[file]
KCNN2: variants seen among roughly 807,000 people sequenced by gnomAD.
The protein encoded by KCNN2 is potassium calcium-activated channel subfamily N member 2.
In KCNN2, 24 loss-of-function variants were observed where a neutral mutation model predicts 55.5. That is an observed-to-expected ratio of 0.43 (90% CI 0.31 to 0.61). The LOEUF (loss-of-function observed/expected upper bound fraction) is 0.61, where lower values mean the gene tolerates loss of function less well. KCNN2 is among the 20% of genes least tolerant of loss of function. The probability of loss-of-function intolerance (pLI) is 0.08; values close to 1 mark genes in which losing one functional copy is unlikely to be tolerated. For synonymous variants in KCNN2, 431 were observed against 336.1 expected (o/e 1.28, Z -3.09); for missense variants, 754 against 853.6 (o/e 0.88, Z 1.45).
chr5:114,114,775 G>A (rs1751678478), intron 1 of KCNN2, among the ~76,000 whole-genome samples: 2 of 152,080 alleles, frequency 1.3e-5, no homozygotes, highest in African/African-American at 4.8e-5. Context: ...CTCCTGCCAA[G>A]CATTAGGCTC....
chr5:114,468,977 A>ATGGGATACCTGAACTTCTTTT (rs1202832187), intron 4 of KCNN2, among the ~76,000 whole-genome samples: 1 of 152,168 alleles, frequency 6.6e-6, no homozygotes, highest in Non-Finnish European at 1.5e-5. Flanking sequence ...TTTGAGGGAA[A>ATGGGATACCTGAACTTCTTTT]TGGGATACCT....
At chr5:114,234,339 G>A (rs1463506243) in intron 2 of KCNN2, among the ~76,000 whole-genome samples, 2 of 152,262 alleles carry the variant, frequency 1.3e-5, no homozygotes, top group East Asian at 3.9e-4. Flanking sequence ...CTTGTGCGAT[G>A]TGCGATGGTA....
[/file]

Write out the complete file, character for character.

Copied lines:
KCNN2: variants seen among roughly 807,000 people sequenced by gnomAD.
The protein encoded by KCNN2 is potassium calcium-activated channel subfamily N member 2.
In KCNN2, 24 loss-of-function variants were observed where a neutral mutation model predicts 55.5. That is an observed-to-expected ratio of 0.43 (90% CI 0.31 to 0.61). The LOEUF (loss-of-function observed/expected upper bound fraction) is 0.61, where lower values mean the gene tolerates loss of function less well. KCNN2 is among the 20% of genes least tolerant of loss of function. The probability of loss-of-function intolerance (pLI) is 0.08; values close to 1 mark genes in which losing one functional copy is unlikely to be tolerated. For synonymous variants in KCNN2, 431 were observed against 336.1 expected (o/e 1.28, Z -3.09); for missense variants, 754 against 853.6 (o/e 0.88, Z 1.45).
chr5:114,114,775 G>A (rs1751678478), intron 1 of KCNN2, among the ~76,000 whole-genome samples: 2 of 152,080 alleles, frequency 1.3e-5, no homozygotes, highest in African/African-American at 4.8e-5. Context: ...CTCCTGCCAA[G>A]CATTAGGCTC....
chr5:114,468,977 A>ATGGGATACCTGAACTTCTTTT (rs1202832187), intron 4 of KCNN2, among the ~76,000 whole-genome samples: 1 of 152,168 alleles, frequency 6.6e-6, no homozygotes, highest in Non-Finnish European at 1.5e-5. Flanking sequence ...TTTGAGGGAA[A>ATGGGATACCTGAACTTCTTTT]TGGGATACCT....
At chr5:114,234,339 G>A (rs1463506243) in intron 2 of KCNN2, among the ~76,000 whole-genome samples, 2 of 152,262 alleles carry the variant, frequency 1.3e-5, no homozygotes, top group East Asian at 3.9e-4. Flanking sequence ...CTTGTGCGAT[G>A]TGCGATGGTA....